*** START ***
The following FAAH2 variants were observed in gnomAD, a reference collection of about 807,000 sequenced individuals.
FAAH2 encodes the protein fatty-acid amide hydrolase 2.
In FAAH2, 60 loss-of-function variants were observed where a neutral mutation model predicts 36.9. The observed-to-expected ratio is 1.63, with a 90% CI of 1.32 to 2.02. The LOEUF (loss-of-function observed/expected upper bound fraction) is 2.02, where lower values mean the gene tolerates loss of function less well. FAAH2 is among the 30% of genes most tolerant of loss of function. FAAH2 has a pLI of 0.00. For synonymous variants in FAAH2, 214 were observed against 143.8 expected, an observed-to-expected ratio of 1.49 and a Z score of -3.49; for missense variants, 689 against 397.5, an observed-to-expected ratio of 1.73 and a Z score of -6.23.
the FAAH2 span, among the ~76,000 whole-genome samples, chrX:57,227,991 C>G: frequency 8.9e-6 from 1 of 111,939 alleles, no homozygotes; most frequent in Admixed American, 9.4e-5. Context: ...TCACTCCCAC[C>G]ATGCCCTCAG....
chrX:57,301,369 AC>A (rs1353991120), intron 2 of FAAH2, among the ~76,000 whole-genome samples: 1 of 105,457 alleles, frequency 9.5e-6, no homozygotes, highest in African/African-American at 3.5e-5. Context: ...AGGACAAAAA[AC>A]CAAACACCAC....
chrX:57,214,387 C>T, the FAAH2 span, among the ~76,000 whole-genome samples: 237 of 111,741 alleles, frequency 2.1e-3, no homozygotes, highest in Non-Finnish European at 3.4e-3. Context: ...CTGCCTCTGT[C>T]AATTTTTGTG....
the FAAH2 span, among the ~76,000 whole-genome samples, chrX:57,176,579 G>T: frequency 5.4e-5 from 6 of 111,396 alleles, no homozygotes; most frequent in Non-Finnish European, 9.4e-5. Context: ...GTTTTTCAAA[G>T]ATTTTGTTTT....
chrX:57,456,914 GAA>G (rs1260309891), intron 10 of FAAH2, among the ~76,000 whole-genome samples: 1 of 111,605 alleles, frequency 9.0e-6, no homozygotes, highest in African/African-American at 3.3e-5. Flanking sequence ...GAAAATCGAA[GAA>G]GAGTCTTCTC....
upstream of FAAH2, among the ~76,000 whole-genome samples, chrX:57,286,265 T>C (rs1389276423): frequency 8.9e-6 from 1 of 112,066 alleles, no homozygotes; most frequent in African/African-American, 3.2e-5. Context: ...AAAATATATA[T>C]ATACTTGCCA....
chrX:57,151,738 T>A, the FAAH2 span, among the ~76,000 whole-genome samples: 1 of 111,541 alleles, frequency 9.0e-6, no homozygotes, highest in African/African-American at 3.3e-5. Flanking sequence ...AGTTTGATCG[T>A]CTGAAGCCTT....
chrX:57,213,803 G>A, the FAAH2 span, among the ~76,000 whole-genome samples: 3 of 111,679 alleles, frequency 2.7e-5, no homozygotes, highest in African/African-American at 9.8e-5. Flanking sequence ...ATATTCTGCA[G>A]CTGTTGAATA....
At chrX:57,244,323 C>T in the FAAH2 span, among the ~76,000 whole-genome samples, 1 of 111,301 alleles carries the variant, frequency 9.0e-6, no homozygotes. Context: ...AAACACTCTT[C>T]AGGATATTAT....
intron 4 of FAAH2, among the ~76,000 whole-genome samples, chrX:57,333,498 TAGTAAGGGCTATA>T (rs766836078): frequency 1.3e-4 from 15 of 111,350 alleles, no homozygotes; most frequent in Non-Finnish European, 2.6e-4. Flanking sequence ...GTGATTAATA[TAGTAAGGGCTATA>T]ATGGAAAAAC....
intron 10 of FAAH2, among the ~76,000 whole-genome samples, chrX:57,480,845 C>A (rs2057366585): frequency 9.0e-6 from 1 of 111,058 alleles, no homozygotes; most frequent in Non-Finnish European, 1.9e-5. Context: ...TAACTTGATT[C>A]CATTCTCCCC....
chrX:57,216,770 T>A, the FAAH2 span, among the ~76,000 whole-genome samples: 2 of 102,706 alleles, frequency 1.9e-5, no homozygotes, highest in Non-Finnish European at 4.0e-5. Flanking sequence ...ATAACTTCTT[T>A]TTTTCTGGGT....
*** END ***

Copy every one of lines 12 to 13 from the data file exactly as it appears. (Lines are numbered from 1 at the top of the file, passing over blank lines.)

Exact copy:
At chrX:57,244,323 C>T in the FAAH2 span, among the ~76,000 whole-genome samples, 1 of 111,301 alleles carries the variant, frequency 9.0e-6, no homozygotes. Context: ...AAACACTCTT[C>T]AGGATATTAT....
intron 4 of FAAH2, among the ~76,000 whole-genome samples, chrX:57,333,498 TAGTAAGGGCTATA>T (rs766836078): frequency 1.3e-4 from 15 of 111,350 alleles, no homozygotes; most frequent in Non-Finnish European, 2.6e-4. Flanking sequence ...GTGATTAATA[TAGTAAGGGCTATA>T]ATGGAAAAAC....